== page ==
One of my first quests for Edtech 532 involved watching this TED talk. I have seen much better videos about gaming and how to use their mechanics in education. But this video is a good introduction if you haven’t read much about gaming. It starts with some staggering statistics on how much we are spending on games. The speaker, Tom Chatfield, eventually explains 7 ways in which games engage us. It’s a bit dry, but informative.
During the video, I found myself musing about creating a game-based learning math course. There are so many resources on the web (mostly low quality, but there are a few gems) that it seems like it would be easy enough to pull together a set of activities to create at least a mini-math quest. Without creating a few of my own tools or using offline materials, I could not cover all of the skills expected by the Common Core State Standards for any grade. But I could definitely create a game that could be used as a component of a math course. The teaching would happen offline, in the classroom. The game would be a way for students to maintain math skills they had learned. It would be the “spoonful of sugar” that would make homework more enjoyable.
Eventually, it is my goal to create a math game that does teach, in addition to provide practice, in a game-based format. This game will engage students, put them in the drivers seat of math in way that helps them understand it in a meaningful way, not just a memorization of rules. Students will learn math by doing math in situations they find interesting. Doing so will require a team of software developers, math education whizzes, and all sorts of creative types, just as game developers do. I am certain my ideas for this game will continue to morph this semester. I’ll be throwing out what doesn’t work and pulling in more of what works. It’ll be an interesting process of refinement that I am curious to see develop over the coming months.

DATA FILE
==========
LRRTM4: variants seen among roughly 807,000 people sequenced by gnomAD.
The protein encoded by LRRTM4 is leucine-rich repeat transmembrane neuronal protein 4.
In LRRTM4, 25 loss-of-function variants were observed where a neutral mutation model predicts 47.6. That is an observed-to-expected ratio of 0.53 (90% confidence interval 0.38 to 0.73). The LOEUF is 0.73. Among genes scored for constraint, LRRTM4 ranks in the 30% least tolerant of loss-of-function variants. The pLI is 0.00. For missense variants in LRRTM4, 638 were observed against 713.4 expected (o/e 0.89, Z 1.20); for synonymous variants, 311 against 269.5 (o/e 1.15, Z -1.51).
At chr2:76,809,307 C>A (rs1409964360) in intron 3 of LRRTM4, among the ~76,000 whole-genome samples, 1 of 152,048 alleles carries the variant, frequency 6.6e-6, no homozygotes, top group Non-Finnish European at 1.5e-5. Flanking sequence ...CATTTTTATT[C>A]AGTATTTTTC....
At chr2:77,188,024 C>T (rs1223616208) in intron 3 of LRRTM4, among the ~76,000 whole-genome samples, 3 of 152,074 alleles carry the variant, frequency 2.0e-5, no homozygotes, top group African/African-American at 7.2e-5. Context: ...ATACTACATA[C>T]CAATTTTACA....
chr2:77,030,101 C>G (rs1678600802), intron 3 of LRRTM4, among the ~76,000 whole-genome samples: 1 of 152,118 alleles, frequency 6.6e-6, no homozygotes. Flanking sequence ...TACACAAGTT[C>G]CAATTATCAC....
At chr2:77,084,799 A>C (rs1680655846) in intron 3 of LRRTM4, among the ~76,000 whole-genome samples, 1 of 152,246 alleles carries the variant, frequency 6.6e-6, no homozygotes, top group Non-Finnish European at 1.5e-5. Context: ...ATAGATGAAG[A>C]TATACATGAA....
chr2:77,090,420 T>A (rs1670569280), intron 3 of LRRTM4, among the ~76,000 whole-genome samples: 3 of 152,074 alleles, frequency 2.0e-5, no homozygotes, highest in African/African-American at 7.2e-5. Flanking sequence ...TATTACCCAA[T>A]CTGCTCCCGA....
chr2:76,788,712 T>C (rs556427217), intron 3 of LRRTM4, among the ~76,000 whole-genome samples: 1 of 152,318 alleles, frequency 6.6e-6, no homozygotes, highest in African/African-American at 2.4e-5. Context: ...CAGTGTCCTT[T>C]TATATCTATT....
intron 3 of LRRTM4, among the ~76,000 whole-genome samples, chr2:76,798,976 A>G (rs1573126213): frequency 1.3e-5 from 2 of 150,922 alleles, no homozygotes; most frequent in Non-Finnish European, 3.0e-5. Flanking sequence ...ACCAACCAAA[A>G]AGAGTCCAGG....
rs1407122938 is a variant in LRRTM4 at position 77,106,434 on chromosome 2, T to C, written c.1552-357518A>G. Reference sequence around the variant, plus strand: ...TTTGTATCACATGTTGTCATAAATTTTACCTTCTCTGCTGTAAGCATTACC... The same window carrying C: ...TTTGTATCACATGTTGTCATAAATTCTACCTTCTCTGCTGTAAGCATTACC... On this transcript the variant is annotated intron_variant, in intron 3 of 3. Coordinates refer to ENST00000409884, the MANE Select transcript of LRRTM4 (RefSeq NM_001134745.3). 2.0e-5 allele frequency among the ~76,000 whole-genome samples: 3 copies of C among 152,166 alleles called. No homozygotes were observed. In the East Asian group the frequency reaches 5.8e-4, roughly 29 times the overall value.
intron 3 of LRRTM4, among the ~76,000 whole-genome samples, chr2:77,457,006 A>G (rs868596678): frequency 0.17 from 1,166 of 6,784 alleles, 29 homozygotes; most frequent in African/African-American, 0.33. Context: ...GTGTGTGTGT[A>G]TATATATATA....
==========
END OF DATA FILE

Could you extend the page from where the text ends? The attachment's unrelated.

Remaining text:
1.1 Instructional Systems Design — Viewing and reflecting on this video gave me the opportunity to analyze elements of game-based learning. These elements, when combined thoughtfully in gaming applications, can be key to engaging and motivating students to go beyond the effort they may normally put towards their learning.
2.3 Computer Based Technologies — The mechanics of game-based learning are best managed and most effective when they are incorporated into computer-based technologies. Computers allow us to analyze bits of data and tailor education in a way that’s just not possible in a non-digital format.
- edWeb.net and SIIA Launch an Online Community of Practice to Explore Game-Based Learning (prweb.com)
- Raytheon Extends Its Branded Epcot Experience Online (clickz.com)